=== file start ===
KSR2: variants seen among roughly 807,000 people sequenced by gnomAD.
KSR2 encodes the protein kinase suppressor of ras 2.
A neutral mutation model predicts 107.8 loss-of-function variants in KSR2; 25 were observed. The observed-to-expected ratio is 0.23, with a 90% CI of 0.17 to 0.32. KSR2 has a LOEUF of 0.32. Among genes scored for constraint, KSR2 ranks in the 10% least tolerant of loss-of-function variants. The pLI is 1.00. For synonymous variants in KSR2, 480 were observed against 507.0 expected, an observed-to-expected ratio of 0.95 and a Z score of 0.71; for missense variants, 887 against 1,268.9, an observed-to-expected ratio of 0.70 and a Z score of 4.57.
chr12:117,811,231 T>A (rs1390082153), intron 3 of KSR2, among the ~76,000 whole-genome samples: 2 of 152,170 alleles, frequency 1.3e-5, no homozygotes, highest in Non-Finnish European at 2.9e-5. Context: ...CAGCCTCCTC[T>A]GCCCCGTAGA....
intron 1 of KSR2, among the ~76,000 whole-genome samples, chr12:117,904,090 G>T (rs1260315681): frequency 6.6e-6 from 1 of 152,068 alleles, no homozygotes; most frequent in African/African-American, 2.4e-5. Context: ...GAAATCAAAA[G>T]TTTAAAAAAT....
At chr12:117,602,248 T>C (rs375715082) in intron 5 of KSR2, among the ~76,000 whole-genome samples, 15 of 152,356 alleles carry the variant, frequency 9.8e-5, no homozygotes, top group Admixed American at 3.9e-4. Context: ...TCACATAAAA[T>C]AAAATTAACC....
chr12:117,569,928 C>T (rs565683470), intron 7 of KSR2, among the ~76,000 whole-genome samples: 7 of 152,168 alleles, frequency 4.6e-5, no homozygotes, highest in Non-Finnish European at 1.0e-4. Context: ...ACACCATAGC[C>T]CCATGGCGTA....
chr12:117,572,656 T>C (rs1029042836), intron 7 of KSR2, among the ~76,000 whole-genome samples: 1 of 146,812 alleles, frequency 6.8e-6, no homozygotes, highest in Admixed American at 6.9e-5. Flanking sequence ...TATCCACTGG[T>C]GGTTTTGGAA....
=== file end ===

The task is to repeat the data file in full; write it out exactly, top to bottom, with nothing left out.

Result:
KSR2: variants seen among roughly 807,000 people sequenced by gnomAD.
KSR2 encodes the protein kinase suppressor of ras 2.
A neutral mutation model predicts 107.8 loss-of-function variants in KSR2; 25 were observed. The observed-to-expected ratio is 0.23, with a 90% CI of 0.17 to 0.32. KSR2 has a LOEUF of 0.32. Among genes scored for constraint, KSR2 ranks in the 10% least tolerant of loss-of-function variants. The pLI is 1.00. For synonymous variants in KSR2, 480 were observed against 507.0 expected, an observed-to-expected ratio of 0.95 and a Z score of 0.71; for missense variants, 887 against 1,268.9, an observed-to-expected ratio of 0.70 and a Z score of 4.57.
chr12:117,811,231 T>A (rs1390082153), intron 3 of KSR2, among the ~76,000 whole-genome samples: 2 of 152,170 alleles, frequency 1.3e-5, no homozygotes, highest in Non-Finnish European at 2.9e-5. Context: ...CAGCCTCCTC[T>A]GCCCCGTAGA....
intron 1 of KSR2, among the ~76,000 whole-genome samples, chr12:117,904,090 G>T (rs1260315681): frequency 6.6e-6 from 1 of 152,068 alleles, no homozygotes; most frequent in African/African-American, 2.4e-5. Context: ...GAAATCAAAA[G>T]TTTAAAAAAT....
At chr12:117,602,248 T>C (rs375715082) in intron 5 of KSR2, among the ~76,000 whole-genome samples, 15 of 152,356 alleles carry the variant, frequency 9.8e-5, no homozygotes, top group Admixed American at 3.9e-4. Context: ...TCACATAAAA[T>C]AAAATTAACC....
chr12:117,569,928 C>T (rs565683470), intron 7 of KSR2, among the ~76,000 whole-genome samples: 7 of 152,168 alleles, frequency 4.6e-5, no homozygotes, highest in Non-Finnish European at 1.0e-4. Context: ...ACACCATAGC[C>T]CCATGGCGTA....
chr12:117,572,656 T>C (rs1029042836), intron 7 of KSR2, among the ~76,000 whole-genome samples: 1 of 146,812 alleles, frequency 6.8e-6, no homozygotes, highest in Admixed American at 6.9e-5. Flanking sequence ...TATCCACTGG[T>C]GGTTTTGGAA....